It rolled over like a fish bobbing belly upright. A bloated white face popped to the surface, the mouth slack, eyes unblinking and staring heavenward as if beseeching help.
“Oh, hell,” Ryan said. “That’s Amos Carter.”
Caden swore. “It looks like somebody beat the shit out of him. You’ve got a murder on your hands, brother.”
Kev: When you wrote this work, did you write off-the-cuff or use some kind of formula like an outline?
It was actually my NaNoWriMo book in 2012. It was the first time I’d ever participated, and I did exactly as suggested. I spent a good six weeks developing my characters and setting. By the time NaNo kicked off, I had the first three chapters outlined scene-by-scene. The rest was a blank slate, but I ran with it, “vomiting words onto the page” as the saying goes. I “won” NaNo, finishing the month at 51K, but the book was far from complete. I set it aside, worked on something else, and didn’t touch it until the next summer. Then I spent a good six months cleaning it up and adding roughly another 30K of story.
Kev: Did you research for the backdrop of your story or any other part of it?
Oh, yes! I knew I wanted to write about the Mothman, the collapse of the Silver Bridge and the numerous oddities reported in Point Pleasant. I spent months reading everything I could get my hands on related to those events. But I didn’t feel like I could do the setting justice. I’d never used an actual town in my novels before, and the idea made me nervous.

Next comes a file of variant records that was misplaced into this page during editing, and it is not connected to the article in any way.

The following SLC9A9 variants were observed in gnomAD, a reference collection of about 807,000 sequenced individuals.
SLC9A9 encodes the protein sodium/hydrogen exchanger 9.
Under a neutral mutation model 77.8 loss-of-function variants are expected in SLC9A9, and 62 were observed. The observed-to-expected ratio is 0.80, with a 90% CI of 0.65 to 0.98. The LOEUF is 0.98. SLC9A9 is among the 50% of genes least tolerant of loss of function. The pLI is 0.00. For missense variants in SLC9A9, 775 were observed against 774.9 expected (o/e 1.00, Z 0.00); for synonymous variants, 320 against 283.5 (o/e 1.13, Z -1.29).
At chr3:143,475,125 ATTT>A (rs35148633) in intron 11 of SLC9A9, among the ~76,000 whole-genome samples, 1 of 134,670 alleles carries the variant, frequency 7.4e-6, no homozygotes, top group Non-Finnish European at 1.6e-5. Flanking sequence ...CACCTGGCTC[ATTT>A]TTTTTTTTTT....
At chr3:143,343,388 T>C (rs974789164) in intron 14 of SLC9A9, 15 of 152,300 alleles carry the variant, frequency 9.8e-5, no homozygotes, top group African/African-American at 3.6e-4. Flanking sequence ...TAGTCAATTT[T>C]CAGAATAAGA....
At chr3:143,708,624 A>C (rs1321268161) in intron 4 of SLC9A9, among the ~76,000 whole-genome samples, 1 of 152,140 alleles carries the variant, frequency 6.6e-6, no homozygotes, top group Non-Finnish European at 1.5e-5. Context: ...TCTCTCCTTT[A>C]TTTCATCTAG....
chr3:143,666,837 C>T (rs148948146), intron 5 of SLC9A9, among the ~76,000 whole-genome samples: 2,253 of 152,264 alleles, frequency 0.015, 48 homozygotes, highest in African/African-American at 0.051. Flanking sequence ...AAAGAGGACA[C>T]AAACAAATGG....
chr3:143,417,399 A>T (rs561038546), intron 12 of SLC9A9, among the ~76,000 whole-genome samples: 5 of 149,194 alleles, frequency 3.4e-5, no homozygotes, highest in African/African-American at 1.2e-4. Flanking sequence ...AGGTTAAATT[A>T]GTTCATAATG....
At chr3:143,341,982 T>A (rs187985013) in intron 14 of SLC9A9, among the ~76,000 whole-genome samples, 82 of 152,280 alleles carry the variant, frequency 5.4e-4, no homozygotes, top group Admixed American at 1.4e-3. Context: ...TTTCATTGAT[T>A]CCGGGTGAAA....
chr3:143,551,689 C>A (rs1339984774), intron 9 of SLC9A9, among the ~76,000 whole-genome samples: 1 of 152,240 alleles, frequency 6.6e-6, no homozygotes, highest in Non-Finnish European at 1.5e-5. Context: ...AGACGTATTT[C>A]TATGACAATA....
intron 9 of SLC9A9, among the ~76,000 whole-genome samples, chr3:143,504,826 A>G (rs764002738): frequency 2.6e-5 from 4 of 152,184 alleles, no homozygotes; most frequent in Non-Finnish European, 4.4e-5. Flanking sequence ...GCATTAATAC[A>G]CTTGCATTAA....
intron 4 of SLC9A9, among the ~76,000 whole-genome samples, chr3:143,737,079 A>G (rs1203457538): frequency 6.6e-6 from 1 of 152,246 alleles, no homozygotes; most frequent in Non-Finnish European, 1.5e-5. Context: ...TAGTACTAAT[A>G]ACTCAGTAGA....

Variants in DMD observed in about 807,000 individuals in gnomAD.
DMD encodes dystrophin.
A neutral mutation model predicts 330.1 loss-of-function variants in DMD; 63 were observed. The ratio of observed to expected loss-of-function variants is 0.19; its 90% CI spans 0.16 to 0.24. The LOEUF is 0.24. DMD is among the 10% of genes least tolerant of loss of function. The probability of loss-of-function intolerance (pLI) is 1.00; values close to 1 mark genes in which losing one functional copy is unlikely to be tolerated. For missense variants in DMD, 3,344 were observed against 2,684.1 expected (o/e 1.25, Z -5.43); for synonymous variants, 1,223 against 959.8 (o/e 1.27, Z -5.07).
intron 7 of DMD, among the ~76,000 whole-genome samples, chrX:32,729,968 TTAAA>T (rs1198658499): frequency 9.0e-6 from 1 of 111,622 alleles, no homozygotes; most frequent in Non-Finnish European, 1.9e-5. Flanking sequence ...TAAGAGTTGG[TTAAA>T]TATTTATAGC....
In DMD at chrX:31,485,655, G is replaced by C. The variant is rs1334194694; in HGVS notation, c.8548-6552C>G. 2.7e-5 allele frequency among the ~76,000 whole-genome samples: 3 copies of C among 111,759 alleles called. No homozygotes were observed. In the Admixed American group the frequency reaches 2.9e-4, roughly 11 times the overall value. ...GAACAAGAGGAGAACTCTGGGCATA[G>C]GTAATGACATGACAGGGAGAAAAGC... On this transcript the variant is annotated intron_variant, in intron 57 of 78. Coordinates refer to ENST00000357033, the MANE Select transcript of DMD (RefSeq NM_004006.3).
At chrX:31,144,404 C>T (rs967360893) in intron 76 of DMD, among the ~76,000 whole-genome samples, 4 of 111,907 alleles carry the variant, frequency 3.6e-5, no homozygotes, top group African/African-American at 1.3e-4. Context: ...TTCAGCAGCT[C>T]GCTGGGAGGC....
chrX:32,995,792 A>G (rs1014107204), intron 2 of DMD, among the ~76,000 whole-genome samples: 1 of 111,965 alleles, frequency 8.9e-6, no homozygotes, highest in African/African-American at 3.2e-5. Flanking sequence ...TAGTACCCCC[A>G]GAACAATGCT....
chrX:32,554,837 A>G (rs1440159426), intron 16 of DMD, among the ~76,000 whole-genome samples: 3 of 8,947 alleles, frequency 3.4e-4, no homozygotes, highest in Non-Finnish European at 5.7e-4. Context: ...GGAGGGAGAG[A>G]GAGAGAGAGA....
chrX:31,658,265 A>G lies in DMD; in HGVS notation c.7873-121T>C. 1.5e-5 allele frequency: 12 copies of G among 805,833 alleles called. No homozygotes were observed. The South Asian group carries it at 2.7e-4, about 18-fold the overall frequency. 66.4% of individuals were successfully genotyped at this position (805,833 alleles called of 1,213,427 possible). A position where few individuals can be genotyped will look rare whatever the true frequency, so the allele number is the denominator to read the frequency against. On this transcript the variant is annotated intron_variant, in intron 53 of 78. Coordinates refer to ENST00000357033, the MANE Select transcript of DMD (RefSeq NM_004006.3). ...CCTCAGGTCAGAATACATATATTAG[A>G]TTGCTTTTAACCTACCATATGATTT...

I convinced my husband we needed to take a weekend trip, so off we went to Point Pleasant. It would be the first of two trips we’ve made to explore the area. I was especially interested in visiting “the TNT” an abandoned WWII munitions site encompassing nearly 36oo acres of woods, ponds, weapons igloos and crumbling shells of buildings. It’s rumoured to be the home of the Mothman. And before you ask—no we didn’t see him, LOL!—but the place definitely got under your skin!
Kev: What challenges did this particular work pose for you?